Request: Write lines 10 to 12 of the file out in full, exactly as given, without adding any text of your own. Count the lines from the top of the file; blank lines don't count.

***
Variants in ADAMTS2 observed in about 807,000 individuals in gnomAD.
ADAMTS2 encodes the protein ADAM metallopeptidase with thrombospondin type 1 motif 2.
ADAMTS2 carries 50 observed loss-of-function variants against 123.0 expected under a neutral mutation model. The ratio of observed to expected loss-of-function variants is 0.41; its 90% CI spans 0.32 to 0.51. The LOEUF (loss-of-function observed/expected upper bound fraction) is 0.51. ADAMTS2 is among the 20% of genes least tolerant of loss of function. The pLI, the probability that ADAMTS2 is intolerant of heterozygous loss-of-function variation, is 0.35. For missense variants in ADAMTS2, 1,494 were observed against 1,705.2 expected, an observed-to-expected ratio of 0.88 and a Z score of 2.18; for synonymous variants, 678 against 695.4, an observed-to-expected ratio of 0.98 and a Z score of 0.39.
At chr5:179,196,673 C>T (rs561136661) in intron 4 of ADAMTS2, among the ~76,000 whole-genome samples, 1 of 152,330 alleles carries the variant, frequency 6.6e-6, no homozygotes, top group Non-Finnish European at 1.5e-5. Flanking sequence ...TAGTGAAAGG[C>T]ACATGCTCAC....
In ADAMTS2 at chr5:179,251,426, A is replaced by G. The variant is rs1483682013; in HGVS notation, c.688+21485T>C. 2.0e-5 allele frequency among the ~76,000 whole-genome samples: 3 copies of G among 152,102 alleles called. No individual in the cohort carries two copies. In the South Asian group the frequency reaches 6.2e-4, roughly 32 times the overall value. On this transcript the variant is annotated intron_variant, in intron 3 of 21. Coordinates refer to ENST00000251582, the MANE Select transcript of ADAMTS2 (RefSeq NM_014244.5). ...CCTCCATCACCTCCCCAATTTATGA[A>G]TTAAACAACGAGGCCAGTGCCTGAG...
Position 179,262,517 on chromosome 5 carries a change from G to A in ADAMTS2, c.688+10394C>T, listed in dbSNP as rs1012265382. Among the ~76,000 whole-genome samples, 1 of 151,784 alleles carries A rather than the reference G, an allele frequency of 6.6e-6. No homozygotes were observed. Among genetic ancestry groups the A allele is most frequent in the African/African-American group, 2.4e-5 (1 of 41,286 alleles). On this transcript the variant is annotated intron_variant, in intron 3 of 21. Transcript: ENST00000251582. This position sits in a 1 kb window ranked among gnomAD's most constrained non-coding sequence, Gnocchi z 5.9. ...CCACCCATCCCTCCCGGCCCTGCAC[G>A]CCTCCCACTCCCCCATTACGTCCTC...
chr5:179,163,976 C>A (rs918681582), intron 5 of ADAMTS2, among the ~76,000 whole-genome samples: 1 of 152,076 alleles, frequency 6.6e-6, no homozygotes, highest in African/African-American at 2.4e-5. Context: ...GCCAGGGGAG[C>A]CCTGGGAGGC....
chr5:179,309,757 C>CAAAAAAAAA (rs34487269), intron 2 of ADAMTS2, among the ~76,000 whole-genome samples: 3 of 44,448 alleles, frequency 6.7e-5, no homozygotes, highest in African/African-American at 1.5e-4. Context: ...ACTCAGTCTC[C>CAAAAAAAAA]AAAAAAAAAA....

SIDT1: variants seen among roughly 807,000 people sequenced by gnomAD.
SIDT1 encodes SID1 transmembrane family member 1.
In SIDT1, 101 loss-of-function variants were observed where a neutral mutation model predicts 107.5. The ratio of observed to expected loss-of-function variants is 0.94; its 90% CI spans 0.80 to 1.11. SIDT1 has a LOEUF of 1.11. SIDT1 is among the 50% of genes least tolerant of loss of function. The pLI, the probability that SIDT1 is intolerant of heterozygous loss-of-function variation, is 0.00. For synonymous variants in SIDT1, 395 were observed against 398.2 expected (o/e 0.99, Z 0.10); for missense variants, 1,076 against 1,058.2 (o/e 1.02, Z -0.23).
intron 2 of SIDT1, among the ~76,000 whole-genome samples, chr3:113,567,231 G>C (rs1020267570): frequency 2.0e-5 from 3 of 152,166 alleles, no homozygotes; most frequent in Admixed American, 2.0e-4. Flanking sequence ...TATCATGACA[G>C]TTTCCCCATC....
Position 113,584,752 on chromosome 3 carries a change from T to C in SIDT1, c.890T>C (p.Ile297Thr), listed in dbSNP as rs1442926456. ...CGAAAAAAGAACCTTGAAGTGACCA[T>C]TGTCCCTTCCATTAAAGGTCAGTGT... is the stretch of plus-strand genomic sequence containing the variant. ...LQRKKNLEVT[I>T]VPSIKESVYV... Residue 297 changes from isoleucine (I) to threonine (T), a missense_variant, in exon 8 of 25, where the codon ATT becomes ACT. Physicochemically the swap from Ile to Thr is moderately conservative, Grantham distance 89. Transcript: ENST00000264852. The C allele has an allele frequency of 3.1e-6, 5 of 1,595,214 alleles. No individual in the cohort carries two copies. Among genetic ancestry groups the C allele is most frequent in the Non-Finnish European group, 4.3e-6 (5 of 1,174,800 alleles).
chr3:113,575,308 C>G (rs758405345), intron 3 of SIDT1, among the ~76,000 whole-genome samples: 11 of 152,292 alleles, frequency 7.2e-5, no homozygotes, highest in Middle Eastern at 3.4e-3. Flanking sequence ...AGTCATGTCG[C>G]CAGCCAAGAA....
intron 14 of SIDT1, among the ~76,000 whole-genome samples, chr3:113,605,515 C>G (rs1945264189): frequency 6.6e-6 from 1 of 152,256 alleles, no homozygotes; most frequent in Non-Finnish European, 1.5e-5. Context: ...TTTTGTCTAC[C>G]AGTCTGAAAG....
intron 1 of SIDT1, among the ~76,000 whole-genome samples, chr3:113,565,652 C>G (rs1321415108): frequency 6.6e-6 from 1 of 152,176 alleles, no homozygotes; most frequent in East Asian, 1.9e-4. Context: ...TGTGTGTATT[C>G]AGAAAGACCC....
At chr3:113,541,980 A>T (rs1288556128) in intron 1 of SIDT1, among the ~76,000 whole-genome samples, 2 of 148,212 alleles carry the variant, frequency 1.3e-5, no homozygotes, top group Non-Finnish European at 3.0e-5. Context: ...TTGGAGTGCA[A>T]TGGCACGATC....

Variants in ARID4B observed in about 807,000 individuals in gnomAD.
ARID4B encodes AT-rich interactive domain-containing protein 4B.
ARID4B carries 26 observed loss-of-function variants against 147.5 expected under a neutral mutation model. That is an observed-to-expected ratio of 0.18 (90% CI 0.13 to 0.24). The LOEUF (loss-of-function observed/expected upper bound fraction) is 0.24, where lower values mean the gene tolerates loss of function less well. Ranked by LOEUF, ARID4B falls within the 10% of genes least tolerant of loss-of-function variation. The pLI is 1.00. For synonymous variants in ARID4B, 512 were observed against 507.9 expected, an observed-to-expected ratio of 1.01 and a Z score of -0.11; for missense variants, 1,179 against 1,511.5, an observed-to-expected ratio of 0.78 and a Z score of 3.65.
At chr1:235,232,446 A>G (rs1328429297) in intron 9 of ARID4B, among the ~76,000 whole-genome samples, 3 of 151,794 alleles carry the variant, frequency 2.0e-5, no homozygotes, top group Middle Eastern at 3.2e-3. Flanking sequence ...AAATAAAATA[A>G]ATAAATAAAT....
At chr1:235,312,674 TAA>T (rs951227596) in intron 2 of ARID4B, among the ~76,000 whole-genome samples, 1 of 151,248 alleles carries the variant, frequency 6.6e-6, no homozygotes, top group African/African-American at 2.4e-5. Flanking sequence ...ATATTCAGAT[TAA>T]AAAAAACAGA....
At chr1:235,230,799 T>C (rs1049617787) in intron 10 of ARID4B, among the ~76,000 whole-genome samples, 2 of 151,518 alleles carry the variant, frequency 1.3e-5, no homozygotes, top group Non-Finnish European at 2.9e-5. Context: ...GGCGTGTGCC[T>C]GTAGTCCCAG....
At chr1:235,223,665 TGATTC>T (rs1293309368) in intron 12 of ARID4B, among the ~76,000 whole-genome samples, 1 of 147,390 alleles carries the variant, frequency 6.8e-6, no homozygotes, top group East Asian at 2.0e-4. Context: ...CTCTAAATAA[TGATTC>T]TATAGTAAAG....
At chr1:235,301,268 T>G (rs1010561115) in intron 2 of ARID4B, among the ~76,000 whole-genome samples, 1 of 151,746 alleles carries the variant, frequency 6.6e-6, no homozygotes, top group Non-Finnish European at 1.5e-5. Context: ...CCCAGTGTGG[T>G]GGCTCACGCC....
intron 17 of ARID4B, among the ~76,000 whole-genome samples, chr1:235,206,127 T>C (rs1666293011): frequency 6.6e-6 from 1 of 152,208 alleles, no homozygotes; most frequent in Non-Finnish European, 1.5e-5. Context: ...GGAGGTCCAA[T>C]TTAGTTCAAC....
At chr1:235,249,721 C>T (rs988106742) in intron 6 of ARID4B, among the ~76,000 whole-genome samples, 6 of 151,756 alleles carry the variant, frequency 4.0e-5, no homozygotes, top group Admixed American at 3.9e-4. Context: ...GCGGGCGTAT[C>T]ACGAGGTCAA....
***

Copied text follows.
SIDT1 encodes SID1 transmembrane family member 1.
In SIDT1, 101 loss-of-function variants were observed where a neutral mutation model predicts 107.5. The ratio of observed to expected loss-of-function variants is 0.94; its 90% CI spans 0.80 to 1.11. SIDT1 has a LOEUF of 1.11. SIDT1 is among the 50% of genes least tolerant of loss of function. The pLI, the probability that SIDT1 is intolerant of heterozygous loss-of-function variation, is 0.00. For synonymous variants in SIDT1, 395 were observed against 398.2 expected (o/e 0.99, Z 0.10); for missense variants, 1,076 against 1,058.2 (o/e 1.02, Z -0.23).
intron 2 of SIDT1, among the ~76,000 whole-genome samples, chr3:113,567,231 G>C (rs1020267570): frequency 2.0e-5 from 3 of 152,166 alleles, no homozygotes; most frequent in Admixed American, 2.0e-4. Flanking sequence ...TATCATGACA[G>C]TTTCCCCATC....